The Security Development LifeCycle

The Security Development LifeCycle



The Security Development Lifecycle (or SDL) is a process that Microsoft has adopted for the development of software that needs to withstand malicious attack. The process encompasses the addition of a series of security-focused activities and deliverables to each of the phases of Microsoft's software development process. These activities and deliverables include the development of threat models during software design, the use of static analysis code-scanning tools during implementation and the conduct of code reviews and security testing during a focused "security push."
The SDL involves modifying a software development organization's processes by integrating measures that lead to improved software security: the intention of these modifications is not to totally overhaul the process, but rather to add well-defined security checkpoints and security deliverables.
Figure 1 depicts the seven phases that define the SDL process.

Figure 1: the seven phases of the Security Development Lifecycle Process.

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Phase 1: Core Security Training

This step is a prerequisite for implementaing the SDL: individuals in technical roles (developers, testers, and program managers) who are directly involved with the development of software programs must attend at least one unique security training class each year.
By allowing individuals involved with the development of software programs to stay informed about security basics and latest trends in security and privacy, their commitment to writing more secure software will be increased.
Basic core security training should cover foundational concepts such as:

  • Secure Design, including:
    • attack surface reduction;
    • defense in depth;
    • principle of least privilege;
    • secure defaults.
  • Threat Modeling, including:
    • overview of threat modeling;
    • design implications of a threat model;
    • coding constraints based on a threat model.
  • Secure Coding, including:
    • buffer overruns (for applications using C and C++);
    • integer arithmetic errors (for applications using C and C++);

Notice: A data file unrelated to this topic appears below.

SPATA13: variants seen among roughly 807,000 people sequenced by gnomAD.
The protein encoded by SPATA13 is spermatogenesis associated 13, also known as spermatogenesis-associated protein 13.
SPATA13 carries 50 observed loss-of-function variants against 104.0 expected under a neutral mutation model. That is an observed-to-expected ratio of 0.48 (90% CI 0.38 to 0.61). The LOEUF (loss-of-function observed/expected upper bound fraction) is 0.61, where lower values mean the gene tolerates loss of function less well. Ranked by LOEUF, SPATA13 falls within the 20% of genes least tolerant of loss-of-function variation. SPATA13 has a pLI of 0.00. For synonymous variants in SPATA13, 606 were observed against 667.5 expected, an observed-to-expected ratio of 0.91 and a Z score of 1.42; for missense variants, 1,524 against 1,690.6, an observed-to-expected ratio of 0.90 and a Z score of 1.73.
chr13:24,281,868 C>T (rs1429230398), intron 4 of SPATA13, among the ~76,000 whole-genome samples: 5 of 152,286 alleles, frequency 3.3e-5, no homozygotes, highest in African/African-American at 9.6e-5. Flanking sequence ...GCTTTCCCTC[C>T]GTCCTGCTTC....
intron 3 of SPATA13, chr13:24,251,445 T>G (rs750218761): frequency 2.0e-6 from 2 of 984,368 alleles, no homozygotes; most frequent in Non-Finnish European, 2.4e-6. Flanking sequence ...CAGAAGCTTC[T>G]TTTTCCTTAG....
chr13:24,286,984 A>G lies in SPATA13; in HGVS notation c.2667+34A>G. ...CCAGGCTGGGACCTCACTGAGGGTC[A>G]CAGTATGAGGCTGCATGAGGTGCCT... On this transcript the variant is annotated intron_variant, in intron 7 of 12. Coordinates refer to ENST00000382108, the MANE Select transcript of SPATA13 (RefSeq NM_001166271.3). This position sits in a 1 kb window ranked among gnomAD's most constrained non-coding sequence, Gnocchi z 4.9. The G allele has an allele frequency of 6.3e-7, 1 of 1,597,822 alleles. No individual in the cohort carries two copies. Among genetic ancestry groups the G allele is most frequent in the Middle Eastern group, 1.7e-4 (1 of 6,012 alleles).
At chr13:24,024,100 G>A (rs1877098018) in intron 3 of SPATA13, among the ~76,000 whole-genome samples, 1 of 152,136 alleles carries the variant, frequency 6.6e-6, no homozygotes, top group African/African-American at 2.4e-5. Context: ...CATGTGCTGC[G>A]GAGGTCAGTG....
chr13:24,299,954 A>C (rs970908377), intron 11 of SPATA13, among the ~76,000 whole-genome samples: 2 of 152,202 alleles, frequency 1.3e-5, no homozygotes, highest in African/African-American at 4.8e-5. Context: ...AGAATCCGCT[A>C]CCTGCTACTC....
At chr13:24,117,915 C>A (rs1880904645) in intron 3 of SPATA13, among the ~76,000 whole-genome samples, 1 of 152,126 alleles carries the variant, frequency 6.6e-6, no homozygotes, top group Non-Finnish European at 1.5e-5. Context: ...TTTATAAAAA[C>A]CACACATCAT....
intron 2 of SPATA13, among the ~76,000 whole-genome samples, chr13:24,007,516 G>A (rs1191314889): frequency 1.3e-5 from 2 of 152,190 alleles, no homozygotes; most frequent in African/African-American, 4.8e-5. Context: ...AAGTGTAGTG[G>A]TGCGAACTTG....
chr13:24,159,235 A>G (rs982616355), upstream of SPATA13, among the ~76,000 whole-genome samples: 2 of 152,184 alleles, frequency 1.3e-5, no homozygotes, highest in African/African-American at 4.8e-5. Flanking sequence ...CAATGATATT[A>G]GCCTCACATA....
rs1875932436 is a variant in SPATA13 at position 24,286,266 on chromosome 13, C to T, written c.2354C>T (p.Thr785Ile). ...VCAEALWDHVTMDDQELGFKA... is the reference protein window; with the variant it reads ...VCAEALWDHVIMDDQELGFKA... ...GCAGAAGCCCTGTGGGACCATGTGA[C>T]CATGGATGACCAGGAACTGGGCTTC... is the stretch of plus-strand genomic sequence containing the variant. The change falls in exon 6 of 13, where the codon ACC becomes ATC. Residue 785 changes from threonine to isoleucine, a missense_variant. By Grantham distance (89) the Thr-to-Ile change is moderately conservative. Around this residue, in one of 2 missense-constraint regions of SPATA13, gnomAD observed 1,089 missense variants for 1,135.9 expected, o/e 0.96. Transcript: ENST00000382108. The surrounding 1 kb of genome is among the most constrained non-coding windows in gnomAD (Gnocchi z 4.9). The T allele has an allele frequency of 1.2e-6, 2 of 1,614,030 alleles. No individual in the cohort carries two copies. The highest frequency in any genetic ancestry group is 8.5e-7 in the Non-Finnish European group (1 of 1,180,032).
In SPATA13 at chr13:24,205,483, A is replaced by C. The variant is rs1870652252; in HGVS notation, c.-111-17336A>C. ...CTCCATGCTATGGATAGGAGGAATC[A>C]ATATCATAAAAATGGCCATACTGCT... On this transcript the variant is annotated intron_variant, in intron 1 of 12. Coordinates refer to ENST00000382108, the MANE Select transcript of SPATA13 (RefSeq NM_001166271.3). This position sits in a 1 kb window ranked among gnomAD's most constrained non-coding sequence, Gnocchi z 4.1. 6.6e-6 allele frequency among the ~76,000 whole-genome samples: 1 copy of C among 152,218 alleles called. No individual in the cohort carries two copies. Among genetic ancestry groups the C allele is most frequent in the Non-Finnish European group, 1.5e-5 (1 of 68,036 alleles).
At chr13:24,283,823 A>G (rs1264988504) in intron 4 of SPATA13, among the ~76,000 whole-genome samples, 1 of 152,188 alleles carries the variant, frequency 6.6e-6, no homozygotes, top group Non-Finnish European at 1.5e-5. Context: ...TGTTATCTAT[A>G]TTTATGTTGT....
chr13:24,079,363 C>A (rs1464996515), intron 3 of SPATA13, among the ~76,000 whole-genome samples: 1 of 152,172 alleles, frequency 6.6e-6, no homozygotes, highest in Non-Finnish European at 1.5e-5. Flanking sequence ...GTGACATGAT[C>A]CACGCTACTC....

• cross-site scripting (for managed code and web applications);
    • SQL injection (for managed code and web applications);
    • weak cryptography.
  • Security Testing, including:
    • differences between security testing and functional testing;
    • risk assessment;
    • security testing methods.
  • Privacy, including:
    • types of privacy-sensitive data;
    • privacy design best practices;
    • risk assessment;
    • privacy development best practices;
    • privacy testing best practices.
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Phase 2: Requirements

The Requirements phase of the SDL includes the project inception (when you consider security and privacy at a foundational level) and a cost analysis (when you determine if development and support costs for improving security and privacy are consistent with business needs).
This phase includes the following practices

  • Establish Security Requirements: assigning security experts, defining minimum security and privacy criteria for the application, deploying a security vulnerability/work item tracking system allowing for creation, triage, assignment, tracking, remediation and reporting of software vulnerabilities.
  • Create Quality Gates/bug Bars: a bug bar is a quality gate that applies to the entire software development project and defines the severity thresholds of security vulnerabilities (for example, no known vulnerabilities in the application with a “critical” or “important” rating at time of release). The bug bar, once set, should never be relaxed.
  • Security and Privacy Assessment: Security risk assessments (SRAs) and privacy risk assessments (PRAs) identify functional aspects of the software that require closer review.
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Phase 3: Design

The Design phase is when you build the plan for how you will take your project through the rest of the SDL process: from implementation, to verification, to release. During the Design phase you establish best practices to follow for this phase by way of functional and design specifications and you perform risk analysis to identify threats and vulnerabilities in your software.
This phase includes the following practices

  • Establish Design Requirements: creation of security and privacy design specifications, specification review and specification of minimal cryptographic design requirements.
  • Attack Surface Analysis/Reduction: a thorough analysis will provide better awareness of overall product attack surface: with this information, design considerations should be put in place to reduce attack surface, including but not limited to disabling or restricting access to system services, applying the principle of least privilege and employing layered defenses where possible.
  • Threat Modeling: this practice is a process by which you can understand security threats to a system, determine risks from those threats and establish appropriate mitigations.
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Phase 4: Implementation

The Implementation phase is when the end user of your software is foremost in your mind.